Pork and Milk

By Steven Zeitchik

Published January 13, 2006, issue of January 13, 2006.
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Breaks from tradition also weigh on the mind of Valérie Mréjen, director of the pleasingly low-key French documentary “Pork and Milk.” Through a series of interviews, Mréjen throws a light on a number of young Israeli men who also happen to be have left the fold of ultra-Orthodoxy: a chef, a cantor with the radical sect Neturei Karta, a soldier and one female rugby player.

If the film sometimes smacks of the self-congratulation that plagues Eshaghian, it’s also saved by moments of remarkable nuance. The hero of the ensemble cast is a former religious man, who, far from flaring his nostrils at his former life, genuinely tries to make sense of how to resolve two irreconcilable worlds. He describes the “mutual lie” he and his parents perpetuated when they first found out about his secularism. There are few villains or victims here, just the confusion that comes when religion and relatives mix.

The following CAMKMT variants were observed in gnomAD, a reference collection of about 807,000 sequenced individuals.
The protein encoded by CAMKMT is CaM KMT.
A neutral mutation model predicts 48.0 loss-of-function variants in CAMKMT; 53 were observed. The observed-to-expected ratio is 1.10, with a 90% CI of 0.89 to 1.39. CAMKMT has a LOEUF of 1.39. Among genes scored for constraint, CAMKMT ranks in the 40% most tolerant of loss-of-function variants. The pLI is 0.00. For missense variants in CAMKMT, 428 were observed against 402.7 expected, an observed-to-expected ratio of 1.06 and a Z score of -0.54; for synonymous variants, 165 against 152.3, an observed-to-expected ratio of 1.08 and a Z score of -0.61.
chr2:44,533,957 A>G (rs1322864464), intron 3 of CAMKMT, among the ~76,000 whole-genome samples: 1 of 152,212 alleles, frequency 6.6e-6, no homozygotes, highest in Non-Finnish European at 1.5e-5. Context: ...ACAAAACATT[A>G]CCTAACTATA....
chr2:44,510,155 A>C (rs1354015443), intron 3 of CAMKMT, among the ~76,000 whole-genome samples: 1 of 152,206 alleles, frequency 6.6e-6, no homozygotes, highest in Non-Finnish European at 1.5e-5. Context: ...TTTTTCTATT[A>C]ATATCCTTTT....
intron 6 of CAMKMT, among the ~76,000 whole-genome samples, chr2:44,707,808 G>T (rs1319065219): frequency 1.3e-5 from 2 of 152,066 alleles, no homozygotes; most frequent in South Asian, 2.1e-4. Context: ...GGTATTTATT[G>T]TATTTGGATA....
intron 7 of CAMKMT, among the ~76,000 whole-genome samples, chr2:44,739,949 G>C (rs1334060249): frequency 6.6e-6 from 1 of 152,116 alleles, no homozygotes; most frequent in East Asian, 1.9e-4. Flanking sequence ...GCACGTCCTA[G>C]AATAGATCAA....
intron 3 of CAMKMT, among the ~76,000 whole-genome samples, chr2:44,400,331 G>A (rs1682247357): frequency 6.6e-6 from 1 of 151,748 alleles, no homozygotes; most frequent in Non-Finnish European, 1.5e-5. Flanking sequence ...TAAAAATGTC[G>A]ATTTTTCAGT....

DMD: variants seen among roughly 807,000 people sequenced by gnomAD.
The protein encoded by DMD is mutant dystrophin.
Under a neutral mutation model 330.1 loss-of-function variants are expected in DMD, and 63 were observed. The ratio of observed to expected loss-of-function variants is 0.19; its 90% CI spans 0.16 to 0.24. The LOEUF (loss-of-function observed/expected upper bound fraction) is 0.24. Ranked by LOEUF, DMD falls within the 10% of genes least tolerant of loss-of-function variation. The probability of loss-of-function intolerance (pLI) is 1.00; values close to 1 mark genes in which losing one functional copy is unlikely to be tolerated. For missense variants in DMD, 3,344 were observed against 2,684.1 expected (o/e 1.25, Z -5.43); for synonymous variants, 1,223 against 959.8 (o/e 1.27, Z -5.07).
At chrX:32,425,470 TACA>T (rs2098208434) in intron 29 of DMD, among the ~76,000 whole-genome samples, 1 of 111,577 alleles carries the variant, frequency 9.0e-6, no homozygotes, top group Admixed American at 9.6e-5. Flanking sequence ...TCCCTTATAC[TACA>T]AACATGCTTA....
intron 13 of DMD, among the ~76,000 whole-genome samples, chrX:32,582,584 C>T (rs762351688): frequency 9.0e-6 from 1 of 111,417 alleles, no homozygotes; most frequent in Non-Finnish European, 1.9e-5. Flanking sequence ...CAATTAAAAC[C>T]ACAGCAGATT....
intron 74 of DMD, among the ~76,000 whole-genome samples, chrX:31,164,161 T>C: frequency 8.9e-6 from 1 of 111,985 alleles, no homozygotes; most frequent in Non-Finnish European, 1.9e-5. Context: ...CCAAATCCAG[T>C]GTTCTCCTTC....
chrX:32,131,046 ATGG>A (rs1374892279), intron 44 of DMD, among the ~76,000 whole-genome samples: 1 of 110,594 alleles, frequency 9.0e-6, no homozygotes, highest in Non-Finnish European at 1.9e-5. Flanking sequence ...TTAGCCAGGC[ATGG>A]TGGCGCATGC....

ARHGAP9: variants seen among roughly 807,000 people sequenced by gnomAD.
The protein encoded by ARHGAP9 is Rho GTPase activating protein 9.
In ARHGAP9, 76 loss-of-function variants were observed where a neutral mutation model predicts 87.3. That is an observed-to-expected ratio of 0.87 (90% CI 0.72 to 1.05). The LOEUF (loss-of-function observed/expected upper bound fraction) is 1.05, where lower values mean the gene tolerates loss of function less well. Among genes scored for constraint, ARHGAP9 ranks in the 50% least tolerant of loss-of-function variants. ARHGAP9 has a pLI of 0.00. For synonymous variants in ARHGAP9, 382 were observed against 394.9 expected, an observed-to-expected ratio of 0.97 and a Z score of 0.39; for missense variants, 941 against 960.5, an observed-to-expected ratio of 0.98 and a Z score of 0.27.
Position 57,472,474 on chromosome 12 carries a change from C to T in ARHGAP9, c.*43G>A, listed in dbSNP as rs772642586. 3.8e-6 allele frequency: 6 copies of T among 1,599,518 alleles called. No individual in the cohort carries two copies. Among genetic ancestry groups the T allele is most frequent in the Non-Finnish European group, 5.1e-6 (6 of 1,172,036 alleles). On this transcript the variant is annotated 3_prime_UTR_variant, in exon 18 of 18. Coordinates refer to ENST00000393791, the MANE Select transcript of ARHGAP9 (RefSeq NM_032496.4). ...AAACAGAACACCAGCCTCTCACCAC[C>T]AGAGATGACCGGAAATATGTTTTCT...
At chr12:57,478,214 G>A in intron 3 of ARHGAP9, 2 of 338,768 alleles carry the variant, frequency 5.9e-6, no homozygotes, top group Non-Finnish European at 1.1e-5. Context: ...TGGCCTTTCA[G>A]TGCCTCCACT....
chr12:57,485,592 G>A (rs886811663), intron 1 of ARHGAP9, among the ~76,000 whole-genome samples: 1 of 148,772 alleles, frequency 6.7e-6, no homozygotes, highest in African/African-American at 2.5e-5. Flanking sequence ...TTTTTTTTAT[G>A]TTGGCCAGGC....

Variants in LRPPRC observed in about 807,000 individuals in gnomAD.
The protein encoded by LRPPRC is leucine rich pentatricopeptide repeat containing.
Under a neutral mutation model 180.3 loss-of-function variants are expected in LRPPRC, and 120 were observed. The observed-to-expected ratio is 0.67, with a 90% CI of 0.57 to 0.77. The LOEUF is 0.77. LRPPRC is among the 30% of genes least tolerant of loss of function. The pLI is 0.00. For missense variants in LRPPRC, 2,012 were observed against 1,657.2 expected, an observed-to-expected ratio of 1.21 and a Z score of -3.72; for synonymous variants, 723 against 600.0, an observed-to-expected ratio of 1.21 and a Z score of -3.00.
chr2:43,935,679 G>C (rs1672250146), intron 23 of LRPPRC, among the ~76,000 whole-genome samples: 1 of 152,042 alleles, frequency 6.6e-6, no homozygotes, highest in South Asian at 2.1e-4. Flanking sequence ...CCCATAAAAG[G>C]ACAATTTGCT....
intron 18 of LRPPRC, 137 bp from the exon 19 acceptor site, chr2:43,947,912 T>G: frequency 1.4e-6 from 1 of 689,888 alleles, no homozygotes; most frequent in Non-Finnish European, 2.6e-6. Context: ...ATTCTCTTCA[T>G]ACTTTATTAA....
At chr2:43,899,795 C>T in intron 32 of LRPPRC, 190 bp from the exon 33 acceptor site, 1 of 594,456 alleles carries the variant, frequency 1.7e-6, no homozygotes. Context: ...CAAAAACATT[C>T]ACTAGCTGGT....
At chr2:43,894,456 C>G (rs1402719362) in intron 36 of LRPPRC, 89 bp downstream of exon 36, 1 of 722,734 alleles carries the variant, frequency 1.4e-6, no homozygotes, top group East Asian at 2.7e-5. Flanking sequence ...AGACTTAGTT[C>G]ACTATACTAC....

Other characters can be more single-minded. The chef who gets much of the airtime has a tendency to long-windedness that leaves out the best parts. He tells of two sisters who followed him out of the fold, but he never explains what happened. Nor does he elaborate on whether he feels triumph or guilt over his unexpected influence. The film also offers very little glimpse into the world these people are coming from, and the effect is to hear about exile without seeing any of its precipitating conditions.

For the most part, though, “Pork and Milk” avoids easy answers. In one scene, a cantor dons his old garb and begins chanting, easily slipping back into his former life. The film remains intriguingly vague about whether it means to show the grip held by the past or the ease with which appearances deceive in the religious world.

In the movie’s strongest moment, the man who tells of the mutual lie describes how the secular world can be filled with just as many preconceptions as the religious world, and how pointing out to secularists their own contradictions about intermarriage or Yom Kippur still fills him with religious pride. At its best, “Pork and Milk” evokes the gay-religion documentary “Trembling Before God” — only with a refreshing lack of topicality and greater subtlety.






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